United States District Court, D. Kansas
MEMORANDUM & ORDER ON MOTION TO PROCEED WITHOUT
PREPAYMENT OF FEES, MOTION TO FILE CONVENTIONALLY, AND REPORT
& RECOMMENDATION FOR DISMISSAL
KENNETH G. GALE UNITED STATES MAGISTRATE JUDGE.
conjunction with his federal court Complaint (Doc. 1),
Plaintiff Cedric Greene has also filed a short form
Application to Proceed Without Prepaying Fees or Costs
(“IFP application, ” Doc. 3, sealed) as well as
motion requesting permission to conventionally file some CDs
with the Court Clerk (Doc. 4). After review of
Plaintiff's motion, as well as the Complaint, the Court
GRANTS the IFP application but
recommends Plaintiff's claims be
dismissed for failure to state a viable
federal cause of action. The Court also DENIES
without prejudice Plaintiff's motion to file
Motion to Proceed IFP.
28 U.S.C. § 1915(a), a federal court may authorize
commencement of an action without prepayment of fees, costs,
etc., by a person who lacks financial means. 28 U.S.C. §
1915(a). “Proceeding in forma pauperis in a civil case
‘is a privilege, not a right - fundamental or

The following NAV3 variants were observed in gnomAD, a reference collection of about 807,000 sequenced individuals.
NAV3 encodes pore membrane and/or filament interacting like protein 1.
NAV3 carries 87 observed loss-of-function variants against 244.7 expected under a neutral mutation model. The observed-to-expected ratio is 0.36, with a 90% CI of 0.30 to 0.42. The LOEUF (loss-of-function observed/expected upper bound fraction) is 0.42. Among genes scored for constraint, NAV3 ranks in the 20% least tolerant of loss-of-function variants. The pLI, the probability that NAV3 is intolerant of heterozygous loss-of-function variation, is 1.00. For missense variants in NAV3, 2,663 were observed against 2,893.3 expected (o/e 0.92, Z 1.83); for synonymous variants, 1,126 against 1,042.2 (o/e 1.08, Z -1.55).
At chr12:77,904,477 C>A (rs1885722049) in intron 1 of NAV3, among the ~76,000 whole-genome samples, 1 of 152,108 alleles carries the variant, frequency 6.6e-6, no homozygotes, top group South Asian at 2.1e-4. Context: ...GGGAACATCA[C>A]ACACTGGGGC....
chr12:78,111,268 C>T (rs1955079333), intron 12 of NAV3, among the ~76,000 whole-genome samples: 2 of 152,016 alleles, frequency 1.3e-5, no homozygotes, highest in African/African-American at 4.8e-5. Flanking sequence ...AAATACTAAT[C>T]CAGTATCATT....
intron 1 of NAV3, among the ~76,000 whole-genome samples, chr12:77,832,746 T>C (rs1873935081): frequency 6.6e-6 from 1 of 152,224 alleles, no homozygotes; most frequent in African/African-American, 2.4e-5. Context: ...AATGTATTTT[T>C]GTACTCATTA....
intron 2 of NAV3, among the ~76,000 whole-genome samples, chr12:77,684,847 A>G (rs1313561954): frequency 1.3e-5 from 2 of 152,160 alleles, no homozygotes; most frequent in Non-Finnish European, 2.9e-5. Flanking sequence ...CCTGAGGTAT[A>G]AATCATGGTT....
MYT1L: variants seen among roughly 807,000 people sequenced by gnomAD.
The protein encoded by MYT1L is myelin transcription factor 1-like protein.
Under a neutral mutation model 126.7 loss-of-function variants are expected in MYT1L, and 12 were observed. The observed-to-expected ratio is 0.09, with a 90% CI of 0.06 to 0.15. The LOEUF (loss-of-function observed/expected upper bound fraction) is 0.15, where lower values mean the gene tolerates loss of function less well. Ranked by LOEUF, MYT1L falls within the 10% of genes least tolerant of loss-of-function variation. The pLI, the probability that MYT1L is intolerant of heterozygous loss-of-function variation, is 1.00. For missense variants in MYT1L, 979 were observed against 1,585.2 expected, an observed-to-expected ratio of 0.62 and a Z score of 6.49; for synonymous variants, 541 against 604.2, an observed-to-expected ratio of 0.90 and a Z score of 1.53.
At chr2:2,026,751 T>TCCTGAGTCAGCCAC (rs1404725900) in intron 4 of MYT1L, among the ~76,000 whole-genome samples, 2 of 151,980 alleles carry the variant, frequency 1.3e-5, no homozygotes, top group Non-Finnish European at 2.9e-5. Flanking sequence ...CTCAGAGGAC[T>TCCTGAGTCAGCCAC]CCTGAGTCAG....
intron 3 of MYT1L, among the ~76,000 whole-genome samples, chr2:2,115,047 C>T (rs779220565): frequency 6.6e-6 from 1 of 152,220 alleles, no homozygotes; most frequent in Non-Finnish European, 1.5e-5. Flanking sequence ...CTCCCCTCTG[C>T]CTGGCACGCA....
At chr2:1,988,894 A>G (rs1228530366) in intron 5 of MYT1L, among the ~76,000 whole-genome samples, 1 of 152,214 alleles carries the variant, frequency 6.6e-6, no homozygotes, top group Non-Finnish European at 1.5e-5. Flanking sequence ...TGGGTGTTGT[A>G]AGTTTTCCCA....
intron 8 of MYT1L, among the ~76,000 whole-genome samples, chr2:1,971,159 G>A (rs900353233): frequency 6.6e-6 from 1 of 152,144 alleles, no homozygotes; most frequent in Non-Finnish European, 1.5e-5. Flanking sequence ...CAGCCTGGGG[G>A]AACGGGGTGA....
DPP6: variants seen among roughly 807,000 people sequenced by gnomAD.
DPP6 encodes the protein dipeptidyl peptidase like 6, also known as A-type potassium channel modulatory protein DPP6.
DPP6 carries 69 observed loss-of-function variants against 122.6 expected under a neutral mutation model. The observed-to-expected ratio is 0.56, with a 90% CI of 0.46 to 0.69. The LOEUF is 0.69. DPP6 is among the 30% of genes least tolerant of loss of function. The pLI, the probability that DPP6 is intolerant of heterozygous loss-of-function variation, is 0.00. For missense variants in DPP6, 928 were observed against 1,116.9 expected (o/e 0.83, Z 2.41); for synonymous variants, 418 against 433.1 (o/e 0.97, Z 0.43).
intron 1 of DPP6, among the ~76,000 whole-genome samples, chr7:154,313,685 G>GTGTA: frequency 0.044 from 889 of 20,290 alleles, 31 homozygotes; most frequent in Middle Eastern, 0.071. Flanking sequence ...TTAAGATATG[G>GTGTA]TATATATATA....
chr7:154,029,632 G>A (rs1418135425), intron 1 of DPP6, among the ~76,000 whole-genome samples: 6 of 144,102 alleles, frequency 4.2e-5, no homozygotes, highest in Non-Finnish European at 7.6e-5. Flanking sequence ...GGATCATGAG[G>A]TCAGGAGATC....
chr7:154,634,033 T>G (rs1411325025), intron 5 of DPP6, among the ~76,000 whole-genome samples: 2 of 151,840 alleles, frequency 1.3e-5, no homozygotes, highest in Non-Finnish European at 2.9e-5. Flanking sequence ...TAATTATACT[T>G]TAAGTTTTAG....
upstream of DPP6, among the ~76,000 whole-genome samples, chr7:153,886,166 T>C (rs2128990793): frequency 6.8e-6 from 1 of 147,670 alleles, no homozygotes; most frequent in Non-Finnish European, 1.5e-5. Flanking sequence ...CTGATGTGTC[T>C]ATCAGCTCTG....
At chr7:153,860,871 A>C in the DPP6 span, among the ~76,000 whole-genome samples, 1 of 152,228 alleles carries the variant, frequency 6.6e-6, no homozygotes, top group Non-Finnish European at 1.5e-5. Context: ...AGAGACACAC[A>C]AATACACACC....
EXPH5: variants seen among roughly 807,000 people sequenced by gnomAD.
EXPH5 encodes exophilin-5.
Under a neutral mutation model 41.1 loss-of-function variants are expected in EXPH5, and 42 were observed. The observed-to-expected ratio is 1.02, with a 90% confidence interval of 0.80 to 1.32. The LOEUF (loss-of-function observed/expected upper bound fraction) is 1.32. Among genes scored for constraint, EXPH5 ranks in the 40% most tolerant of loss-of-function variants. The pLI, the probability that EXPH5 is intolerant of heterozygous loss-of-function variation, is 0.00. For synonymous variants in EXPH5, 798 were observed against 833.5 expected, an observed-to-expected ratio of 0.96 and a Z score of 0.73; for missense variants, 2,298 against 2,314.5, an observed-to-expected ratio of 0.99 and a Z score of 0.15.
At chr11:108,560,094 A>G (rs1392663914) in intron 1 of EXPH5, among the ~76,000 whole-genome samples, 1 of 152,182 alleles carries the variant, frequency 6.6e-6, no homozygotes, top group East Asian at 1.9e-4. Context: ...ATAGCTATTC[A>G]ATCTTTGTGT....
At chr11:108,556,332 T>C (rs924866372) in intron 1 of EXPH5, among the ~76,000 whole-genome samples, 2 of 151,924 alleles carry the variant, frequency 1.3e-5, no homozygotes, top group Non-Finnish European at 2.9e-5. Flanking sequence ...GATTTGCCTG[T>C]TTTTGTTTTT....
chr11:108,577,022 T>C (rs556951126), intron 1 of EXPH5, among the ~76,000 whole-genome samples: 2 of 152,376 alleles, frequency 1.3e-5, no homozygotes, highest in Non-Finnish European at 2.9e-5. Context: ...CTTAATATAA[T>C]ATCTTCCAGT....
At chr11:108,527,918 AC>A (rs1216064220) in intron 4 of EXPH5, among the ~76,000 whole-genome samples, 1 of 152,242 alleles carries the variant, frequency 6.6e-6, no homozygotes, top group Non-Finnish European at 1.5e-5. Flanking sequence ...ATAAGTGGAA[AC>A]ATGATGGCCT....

otherwise.'” Barnett v. Northwest
School, No. 00-2499, 2000 WL 1909625, at *1 (D.
Kan. Dec. 26, 2000) (quoting White v.
Colorado, 157 F.3d 1226, 1233 (10th Cir.
1998)). The decision to grant or deny in forma pauperis
status lies within the sound discretion of the court.
Cabrera v. Horgas, No. 98-4231,
1999 WL 241783, at *1 (10th Cir. Apr. 23, 1999).
is a liberal policy toward permitting proceedings in forma
pauperis when necessary to ensure that the courts are
available to all citizens, not just those who can afford to
pay. See generally, Yellen v.
Cooper, 828 F.2d 1471 (10th Cir. 1987). In
construing the application and affidavit, courts generally
seek to compare an applicant's monthly expenses to
monthly income. See Patillo v. N. Am. Van Lines,
Inc., No. 02-2162, 2002 WL 1162684, at *1
(D.Kan. Apr. 15, 2002); Webb v. Cessna
Aircraft, No. 00-2229, 2000 WL 1025575, at *1
(D.Kan. July 17, 2000) (denying motion because
“Plaintiff is employed, with monthly income exceeding
her monthly expenses by approximately $600.00”).
supporting financial affidavit, Plaintiff indicates he is
“not employed due to many medical reasons.” (Doc.
3, sealed, at 1.) He indicates he “obtains assistance
within the SSI program.” (Id.) Plaintiff
apparently owns no real property and does not own an
automobile. (Id., at 2.) Plaintiff lists no cash on
hand. (Id.) He pays a modest monthly amount for
housing through a government program and receives government
assistance for transportation and utilities. (Id.)